Wilfred Massey’s three-act farce Happy Days concerns Reggie Blougham (pronounced Bloom) and his fiancée Leslie Royston, ‘who, as all fiancées should be, is young, very pretty and very charmingly dressed’. The third character in the triangle is Ruth Eltringham, who is ‘three years younger than Leslie, equally pretty, but in a fluffy, irresponsible way’, and who has a habit of throwing herself at men ‘with much sinuosity of the hips’ in a way that ‘would gain her admittance into Hollywood with no questions asked’. For reasons that are as unimportant as they are complicated, the two girlfriends are going to stay in Reggie’s flat while he spends the night with his upstairs neighbor, the artist Jimmy Harbottle.
Reggie is an idle young man who is dependent on the good will of an uncle who holds his inheritance in trust until he turns thirty. Unfortunately for him, by the terms of his mother’s will he’ll only be paid an allowance if he can prove he has done some work, so he writes the occasional piece, such as an essay about a happy home life that he recently submitted to a newspaper competition. Even more unfortunately, the uncle has ideas about whom he should marry, won’t approve of Leslie, and has threatened to cut off the allowance altogether if Reggie doesn’t get engaged to the ugly, foul-tempered daughter of an industrialist. Most unfortunately of all, the competition essay has won the first prize of five hundred pounds – so long as Reggie can demonstrate that everything in it is completely true, and that he really has a Happy Home with a Happy Little Wife. ‘We have to guard against dishonest people who might enter the competition purely for the sake of the prize money,’ explains the paper’s elderly emissary. If he wants the cash, he has to produce the Happy Little Wife. But Leslie has gone out and Ruth has already been introduced as not the wife, so Reggie has to think quickly. The first woman through the door is thrust into the role of Happy Little Wife: Twinky Farrell, an artist’s model who has been posing for Jimmy.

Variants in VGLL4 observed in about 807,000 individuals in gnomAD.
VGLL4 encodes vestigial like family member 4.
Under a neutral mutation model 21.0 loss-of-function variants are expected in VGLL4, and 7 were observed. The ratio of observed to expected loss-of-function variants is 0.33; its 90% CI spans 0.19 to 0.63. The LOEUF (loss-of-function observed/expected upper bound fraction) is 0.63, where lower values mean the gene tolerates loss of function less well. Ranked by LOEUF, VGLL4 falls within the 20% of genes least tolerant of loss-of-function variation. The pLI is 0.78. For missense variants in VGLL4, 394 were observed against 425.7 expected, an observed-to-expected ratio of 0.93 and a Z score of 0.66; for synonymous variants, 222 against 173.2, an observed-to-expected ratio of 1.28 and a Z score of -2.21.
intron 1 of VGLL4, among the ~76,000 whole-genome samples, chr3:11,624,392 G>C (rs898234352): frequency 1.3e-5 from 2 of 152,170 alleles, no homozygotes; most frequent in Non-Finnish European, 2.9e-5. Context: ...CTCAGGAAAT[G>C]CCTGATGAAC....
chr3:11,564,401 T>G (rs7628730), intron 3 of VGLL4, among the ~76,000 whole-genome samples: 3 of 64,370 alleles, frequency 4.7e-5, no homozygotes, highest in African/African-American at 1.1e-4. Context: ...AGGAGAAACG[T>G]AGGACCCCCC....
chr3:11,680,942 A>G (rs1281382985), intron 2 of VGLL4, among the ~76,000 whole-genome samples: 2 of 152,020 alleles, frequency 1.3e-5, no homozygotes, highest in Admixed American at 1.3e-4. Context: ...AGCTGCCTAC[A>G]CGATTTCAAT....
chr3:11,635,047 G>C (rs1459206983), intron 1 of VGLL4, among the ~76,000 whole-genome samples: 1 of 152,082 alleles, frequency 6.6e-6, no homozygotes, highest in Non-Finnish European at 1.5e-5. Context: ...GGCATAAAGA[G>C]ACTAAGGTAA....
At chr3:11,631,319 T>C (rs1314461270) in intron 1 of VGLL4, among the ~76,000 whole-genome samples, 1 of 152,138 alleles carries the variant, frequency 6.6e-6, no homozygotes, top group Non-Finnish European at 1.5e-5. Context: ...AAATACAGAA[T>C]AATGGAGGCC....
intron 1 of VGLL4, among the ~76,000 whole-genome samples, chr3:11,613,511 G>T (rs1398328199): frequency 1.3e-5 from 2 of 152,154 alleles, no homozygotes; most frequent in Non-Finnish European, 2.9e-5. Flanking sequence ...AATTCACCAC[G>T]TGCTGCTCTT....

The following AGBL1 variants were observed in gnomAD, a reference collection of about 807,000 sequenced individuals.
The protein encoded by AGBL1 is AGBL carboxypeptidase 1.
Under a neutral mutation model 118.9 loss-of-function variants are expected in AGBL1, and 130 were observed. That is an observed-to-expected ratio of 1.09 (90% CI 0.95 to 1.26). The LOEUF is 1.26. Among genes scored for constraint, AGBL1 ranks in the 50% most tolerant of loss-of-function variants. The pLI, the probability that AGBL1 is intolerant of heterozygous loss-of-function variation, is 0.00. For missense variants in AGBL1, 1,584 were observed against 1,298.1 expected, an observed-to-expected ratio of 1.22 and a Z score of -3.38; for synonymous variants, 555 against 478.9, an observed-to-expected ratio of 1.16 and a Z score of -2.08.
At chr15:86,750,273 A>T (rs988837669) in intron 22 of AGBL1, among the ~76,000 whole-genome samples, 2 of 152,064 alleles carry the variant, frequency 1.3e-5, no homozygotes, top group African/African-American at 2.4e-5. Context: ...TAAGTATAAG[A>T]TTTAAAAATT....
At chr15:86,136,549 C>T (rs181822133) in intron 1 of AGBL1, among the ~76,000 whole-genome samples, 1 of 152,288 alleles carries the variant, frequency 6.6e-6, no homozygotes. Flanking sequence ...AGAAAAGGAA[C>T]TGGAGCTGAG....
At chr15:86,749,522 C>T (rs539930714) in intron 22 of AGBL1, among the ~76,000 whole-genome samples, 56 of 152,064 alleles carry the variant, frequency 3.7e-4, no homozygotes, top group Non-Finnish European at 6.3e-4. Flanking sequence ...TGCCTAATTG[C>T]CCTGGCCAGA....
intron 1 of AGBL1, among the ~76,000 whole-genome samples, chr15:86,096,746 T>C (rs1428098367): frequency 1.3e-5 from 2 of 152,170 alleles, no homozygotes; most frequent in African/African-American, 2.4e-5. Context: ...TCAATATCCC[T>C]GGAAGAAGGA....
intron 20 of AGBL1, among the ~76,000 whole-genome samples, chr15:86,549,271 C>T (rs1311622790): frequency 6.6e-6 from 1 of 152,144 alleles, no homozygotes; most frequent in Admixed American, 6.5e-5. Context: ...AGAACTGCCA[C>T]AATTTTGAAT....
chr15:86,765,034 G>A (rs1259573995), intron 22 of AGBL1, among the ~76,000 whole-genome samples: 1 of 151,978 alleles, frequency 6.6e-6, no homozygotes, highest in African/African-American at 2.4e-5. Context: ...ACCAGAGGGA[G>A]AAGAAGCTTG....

Next morning, at the top of the second act, Ruth is still not yet dressed (‘whatever is permissible’, says the stage direction) when she starts teasing Leslie with the suggestion that she is jealous of Twinky, and we get the first sign of where their relationship is headed: ‘My child,’ says Leslie, ‘There are times when I positively ache to lay violent hands on you!’ She makes a rush for Ruth, but a quick apology forestalls the immediate risk of ‘summary vengeance’ administered upon the seat of whatever is permissible. But despite all her denials, Leslie is jealous. And as the act goes on, she gets something more to be jealous about.
When the Daily Comet reporter arrives to interview Reggie and his Happy Little Wife, Leslie has stepped out again, and Twinky is still up in Jimmy’s flat, so Ruth is taken to be the Happy Little Wife – and if she isn’t, Reggie risks being sued for fraudulent misrepresentation, so they play along, unaware that Leslie is outside the door listening to them as they make mutual declarations of love. The interview comes to an end and the reporter leaves them enjoying a long, passionate kiss – whereupon Leslie loses her temper. A mêlée follows, with Jimmy (who has grown fond of Ruth) remonstrating with Reggie while Leslie confronts Ruth:
LESLIE: What you want is a jolly good smacking!!
RUTH: Oh yes?
LESLIE: And for two pins I’d give you one.
RUTH: You and who else?
LESLIE: Me and nobody else!!!
RUTH: If you could!!
LESLIE: I’ll show you whether I could.
Bangs down onto settee, pulls Ruth over her knees and begins to spank her.
RUTH: Oh!! Ow!! … OW!! Let me go! LET ME GO YOU BIG BULLY!! … OW!! OW!!! You big bully! Stop it!
LESLIE: This will teach you, you little –
There is wildest pandemonium. Leslie is slapping Ruth, Ruth is screaming at the top of her voice.
And with that, the Editor of the Daily Comet walks in. ‘So this is the Happy Little Home,’ he says – and the curtain falls.